The Anarchy of the Imagination: Interviews, Essays, Notes

Front Cover
Michael Töteberg, Leo Lensing
Johns Hopkins University Press, Sep 1, 1992 - Performing Arts - 251 pages
1 Review
The Anarchy of the Imagination collects Fassbinder's most important interviews, essays, and working notes - nearly all presented here for the first time in English. They are an indispensable record of the self-understanding and self-stylization of this major artist, one of the most influential cultural figures to emerge from postwar Germany. Fassbinder's essays and other writings commanded a degree of public attention rarely achieved by film makers in the United States. His articles appeared in major newspapers such as the Frankfurter Rundschau and Die Zeit, where they both influenced the cultural scene and intervened in the acrimonious debates on terrorism and anti-Semitism that swept West Germany in the late 1970s and early 1980s.

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Review: The Anarchy of the Imagination: Interviews, Essays, Notes

User Review  - adam brown - Goodreads

i can't get enough of his films. i hope to be, in some aspects, the writer he was the director Read full review

Review: The Anarchy of the Imagination: Interviews, Essays, Notes

User Review  - Michael - Goodreads

However you feel about Rainer Werner Fassbinder as a director -- and I happen to feel that among his many, many films are some of the greatest ever made -- this collection attests to the fact that he ... Read full review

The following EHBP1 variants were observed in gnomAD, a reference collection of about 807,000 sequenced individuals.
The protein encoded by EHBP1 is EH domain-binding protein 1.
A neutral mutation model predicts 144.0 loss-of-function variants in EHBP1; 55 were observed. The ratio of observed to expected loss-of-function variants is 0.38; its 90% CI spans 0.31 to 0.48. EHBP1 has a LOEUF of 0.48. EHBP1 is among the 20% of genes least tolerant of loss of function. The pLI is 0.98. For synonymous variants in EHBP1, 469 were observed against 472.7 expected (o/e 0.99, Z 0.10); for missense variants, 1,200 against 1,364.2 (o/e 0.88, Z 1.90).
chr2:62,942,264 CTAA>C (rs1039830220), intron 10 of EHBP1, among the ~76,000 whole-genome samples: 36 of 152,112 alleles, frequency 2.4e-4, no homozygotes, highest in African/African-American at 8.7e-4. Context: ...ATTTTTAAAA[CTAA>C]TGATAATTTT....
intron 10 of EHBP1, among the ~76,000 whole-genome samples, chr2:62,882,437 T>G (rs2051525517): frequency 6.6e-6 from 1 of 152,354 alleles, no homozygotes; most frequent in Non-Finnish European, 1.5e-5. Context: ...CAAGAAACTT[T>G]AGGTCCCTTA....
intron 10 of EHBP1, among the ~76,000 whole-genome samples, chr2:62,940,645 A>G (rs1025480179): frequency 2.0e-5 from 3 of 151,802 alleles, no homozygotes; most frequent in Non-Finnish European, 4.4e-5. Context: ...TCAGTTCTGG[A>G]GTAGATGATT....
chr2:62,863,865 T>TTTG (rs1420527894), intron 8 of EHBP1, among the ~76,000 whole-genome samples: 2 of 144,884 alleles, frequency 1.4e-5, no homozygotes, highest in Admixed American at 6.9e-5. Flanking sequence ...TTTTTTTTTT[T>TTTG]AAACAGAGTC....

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About the author (1992)

Werner Fassbinder, a German film director and actor, was prolific in his short life. Though he died at age 37, he had already directed 41 films in 13 years. He had also written, acted, and produced for the theater. Fassbinder's films, most of which were made with his own company of actors, are notable for the skepticism and irony with which they view the prosperous and corrupt German society that arose from the wreckage of World War II. Among Fassbinder's better-known works are The Third Generation (1979), a work about terrorists; The Bitter Tears of Petra von Kant (1972), which explores the recurrent theme of homosexuality his work); and Berlin Alexanderplatz (1980), a searing descent into the lower-class and criminal worlds that was made for television.

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